CFL attendance is down slightly so far this season, with every market except Toronto showing at least some decline.
Through 53 games of 2018, attendance across the league is down 1.6 per cent when compared to the same period in 2017 (53 games.) And while that’s hardly a massive number – it’s a difference of just over 21,000 people – a closer look at the numbers show some softness in a number of markets.
Winnipeg, Calgary, Edmonton, Ottawa and B.C. are all showing declines of at least three per cent, though the Eskimos are up more than five per cent from 2016 and are just behind Saskatchewan in average attendance.
Meanwhile, they’re hemorrhaging fans in Montreal: attendance is off almost 12 per cent this season and down more than 15 per cent from 2016. The Alouettes finished 3-15 last season and have won just three games this year. Even the presence of quarterback Johnny Manziel has done little to bolster the numbers: Friday’s crowd of 15,346 was the smallest since 1998.
In Winnipeg, the Bombers announced reduced pricing for some concessions items and parking on Monday, likely in an attempt to bolster crowds that are down three per cent so far this season. In Toronto, they reduced the capacity of BMO Field to just under 20,000 this season and while that helps the capacity percentage, the crowds in the country’s largest market remain an issue. The decline from 2016, the first year in BMO, should be taken with a grain of salt as the team routinely offered tickets at a steep discount or, in some cases, for free to corporate partners.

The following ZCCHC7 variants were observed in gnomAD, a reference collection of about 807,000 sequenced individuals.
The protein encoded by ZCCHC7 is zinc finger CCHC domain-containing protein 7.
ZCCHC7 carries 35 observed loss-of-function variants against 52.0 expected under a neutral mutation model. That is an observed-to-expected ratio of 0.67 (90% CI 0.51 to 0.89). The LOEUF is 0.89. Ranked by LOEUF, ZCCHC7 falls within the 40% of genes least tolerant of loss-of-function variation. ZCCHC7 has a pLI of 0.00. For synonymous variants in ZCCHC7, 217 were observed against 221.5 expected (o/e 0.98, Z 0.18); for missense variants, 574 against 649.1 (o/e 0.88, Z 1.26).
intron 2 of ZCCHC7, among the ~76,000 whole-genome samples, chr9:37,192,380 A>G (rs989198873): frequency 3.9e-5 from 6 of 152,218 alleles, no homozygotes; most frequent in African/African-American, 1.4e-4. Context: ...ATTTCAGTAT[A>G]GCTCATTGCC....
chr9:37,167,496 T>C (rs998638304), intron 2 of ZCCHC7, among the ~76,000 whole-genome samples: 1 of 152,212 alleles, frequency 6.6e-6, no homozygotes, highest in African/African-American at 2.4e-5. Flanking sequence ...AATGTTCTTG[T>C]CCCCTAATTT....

There is some good news: attendance is up four per cent in Toronto while Saskatchewan and Hamilton continue to operate at or in excess of full capacity. Tim Hortons Field doesn’t look great on TV, with large swaths of empty seats in the upper deck, but the stadium design allows fans to congregate in the concourses and still watch the game . They also sell “social tickets” without an assigned seat which they say accounts for a capacity number in excess of 100 per cent.
If there are meaningful games late in the regular season, that could help boost the overall numbers but that’s a double-edged sword: if teams like Toronto and Montreal fall further out of a playoff position – or are eliminated altogether – that won’t help. On-field performance is clearly a factor: both B.C. and Montreal missed the playoffs last season and have struggled early in 2018.
According to CFLDB.ca, CFL attendance has declined for the last three seasons, from a high of 2,048,157 in 2014. And while the declines haven’t been huge – the league was just a shade under the 2 million mark in 2017 – it is on pace for another slight drop this season.
Here’s a look at the 2018 attendance numbers so far this season.
|Team||2018 average attendance||Per cent capacity||% change vs. 2017 (YTD)||% change vs. 2016 (full)|
|BC||19,574||71.2||– 4.3||– 7.0|
The issue for the league is that there isn’t much room for growth in cities where the audience is strong, like Saskatchewan, Hamilton and Ottawa, to offset further loses in places like Montreal and B.C. And declines in traditionally strong markets like Winnipeg and Calgary is further cause for concern. Furthermore, the lure of shiny new buildings (or teams) in Ottawa and Winnipeg may have started to wane to some extent.
In order for the CFL to see a return to growth – league-wide attendance was 2.3 million as recently as 2005 – it will have to find a way to make inroads in markets where numbers are currently in decline. On the plus side, the situation is not yet dire – and there’s lots of opportunity to improve the numbers.